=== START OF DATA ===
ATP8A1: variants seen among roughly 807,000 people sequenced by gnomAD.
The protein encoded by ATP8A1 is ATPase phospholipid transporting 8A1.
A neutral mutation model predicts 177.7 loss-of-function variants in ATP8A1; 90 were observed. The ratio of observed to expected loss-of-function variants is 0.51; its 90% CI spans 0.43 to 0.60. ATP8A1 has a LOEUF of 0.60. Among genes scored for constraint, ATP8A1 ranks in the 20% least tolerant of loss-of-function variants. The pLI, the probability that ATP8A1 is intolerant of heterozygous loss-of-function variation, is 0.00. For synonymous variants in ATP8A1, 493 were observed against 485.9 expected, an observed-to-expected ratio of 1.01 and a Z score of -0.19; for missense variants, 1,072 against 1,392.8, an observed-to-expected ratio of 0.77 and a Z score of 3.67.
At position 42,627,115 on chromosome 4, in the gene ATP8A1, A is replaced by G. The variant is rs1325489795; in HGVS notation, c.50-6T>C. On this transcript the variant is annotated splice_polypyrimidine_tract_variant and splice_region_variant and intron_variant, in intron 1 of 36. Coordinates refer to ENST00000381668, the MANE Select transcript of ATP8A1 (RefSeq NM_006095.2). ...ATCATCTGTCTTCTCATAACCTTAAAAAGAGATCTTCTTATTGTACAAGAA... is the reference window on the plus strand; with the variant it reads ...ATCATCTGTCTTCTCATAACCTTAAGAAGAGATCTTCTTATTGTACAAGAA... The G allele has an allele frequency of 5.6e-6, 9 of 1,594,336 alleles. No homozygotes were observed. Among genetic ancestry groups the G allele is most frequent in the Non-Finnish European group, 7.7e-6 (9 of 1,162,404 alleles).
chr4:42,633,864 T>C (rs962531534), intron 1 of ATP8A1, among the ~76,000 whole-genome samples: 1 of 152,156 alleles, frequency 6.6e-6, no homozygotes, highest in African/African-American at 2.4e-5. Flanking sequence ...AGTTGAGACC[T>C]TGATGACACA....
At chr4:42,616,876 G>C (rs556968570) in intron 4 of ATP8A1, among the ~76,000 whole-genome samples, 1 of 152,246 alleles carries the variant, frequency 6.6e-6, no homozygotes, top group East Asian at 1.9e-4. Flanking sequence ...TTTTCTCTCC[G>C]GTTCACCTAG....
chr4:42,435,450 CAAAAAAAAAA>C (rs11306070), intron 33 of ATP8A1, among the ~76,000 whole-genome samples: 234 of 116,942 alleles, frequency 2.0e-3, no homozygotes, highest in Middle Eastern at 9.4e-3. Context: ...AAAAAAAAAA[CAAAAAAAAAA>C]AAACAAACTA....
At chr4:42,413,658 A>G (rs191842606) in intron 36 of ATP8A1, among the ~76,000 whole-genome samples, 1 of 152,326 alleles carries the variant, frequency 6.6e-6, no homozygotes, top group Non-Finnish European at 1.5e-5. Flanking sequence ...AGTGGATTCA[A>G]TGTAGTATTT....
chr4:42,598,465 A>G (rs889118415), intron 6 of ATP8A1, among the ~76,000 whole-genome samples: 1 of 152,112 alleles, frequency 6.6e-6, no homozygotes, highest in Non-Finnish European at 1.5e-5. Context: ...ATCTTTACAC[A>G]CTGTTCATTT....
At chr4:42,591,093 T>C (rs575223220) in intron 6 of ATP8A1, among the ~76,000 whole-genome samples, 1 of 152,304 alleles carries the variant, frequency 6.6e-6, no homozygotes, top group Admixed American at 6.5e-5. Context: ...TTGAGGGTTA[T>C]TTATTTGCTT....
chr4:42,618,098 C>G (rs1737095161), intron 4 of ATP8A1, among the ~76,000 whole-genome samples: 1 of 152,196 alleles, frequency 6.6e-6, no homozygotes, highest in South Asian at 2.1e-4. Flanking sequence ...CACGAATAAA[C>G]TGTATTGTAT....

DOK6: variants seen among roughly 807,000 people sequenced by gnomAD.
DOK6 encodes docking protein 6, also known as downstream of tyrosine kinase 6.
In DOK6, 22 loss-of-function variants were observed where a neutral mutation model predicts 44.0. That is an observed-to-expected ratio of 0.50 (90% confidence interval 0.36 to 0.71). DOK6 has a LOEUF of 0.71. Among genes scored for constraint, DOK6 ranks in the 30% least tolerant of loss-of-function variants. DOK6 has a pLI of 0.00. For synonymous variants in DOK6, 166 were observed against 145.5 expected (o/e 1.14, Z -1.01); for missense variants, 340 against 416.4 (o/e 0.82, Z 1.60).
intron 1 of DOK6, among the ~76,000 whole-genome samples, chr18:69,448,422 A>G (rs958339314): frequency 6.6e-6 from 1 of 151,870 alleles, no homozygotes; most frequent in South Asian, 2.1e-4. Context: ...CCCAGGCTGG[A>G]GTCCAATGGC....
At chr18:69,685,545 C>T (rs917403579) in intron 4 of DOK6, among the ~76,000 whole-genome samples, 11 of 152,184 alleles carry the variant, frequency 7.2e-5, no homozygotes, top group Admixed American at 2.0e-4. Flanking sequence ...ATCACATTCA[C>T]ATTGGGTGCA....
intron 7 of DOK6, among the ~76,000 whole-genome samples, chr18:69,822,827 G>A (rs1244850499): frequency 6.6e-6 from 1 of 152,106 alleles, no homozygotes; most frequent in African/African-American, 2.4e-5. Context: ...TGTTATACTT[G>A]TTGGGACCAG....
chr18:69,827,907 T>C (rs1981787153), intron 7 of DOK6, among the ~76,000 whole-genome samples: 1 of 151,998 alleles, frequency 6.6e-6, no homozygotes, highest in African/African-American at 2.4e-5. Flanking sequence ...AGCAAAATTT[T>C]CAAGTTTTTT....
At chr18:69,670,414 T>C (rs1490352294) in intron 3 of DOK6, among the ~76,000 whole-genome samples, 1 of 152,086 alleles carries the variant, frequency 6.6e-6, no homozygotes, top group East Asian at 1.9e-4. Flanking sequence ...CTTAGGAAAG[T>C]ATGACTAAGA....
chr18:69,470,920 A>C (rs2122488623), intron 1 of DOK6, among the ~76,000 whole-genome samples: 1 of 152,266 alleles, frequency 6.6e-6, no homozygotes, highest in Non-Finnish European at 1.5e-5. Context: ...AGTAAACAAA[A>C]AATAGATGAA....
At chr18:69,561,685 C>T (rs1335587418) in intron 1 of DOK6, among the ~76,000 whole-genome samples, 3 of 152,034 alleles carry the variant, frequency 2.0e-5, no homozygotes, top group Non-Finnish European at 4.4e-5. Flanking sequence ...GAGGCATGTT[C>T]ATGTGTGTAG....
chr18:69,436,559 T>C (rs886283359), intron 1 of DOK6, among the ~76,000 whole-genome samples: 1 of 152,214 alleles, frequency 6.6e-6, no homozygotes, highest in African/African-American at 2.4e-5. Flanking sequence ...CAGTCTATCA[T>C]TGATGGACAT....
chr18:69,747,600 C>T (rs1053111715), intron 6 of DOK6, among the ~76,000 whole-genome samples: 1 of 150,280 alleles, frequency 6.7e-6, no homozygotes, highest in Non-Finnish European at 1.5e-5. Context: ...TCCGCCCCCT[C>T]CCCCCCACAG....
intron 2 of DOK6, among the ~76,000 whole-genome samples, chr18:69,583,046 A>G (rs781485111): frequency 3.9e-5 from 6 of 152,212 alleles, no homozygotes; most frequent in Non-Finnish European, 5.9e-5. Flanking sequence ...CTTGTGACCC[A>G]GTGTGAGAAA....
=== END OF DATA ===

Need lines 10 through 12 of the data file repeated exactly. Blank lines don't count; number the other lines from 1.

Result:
At chr4:42,591,093 T>C (rs575223220) in intron 6 of ATP8A1, among the ~76,000 whole-genome samples, 1 of 152,304 alleles carries the variant, frequency 6.6e-6, no homozygotes, top group Admixed American at 6.5e-5. Context: ...TTGAGGGTTA[T>C]TTATTTGCTT....
chr4:42,618,098 C>G (rs1737095161), intron 4 of ATP8A1, among the ~76,000 whole-genome samples: 1 of 152,196 alleles, frequency 6.6e-6, no homozygotes, highest in South Asian at 2.1e-4. Flanking sequence ...CACGAATAAA[C>G]TGTATTGTAT....

DOK6: variants seen among roughly 807,000 people sequenced by gnomAD.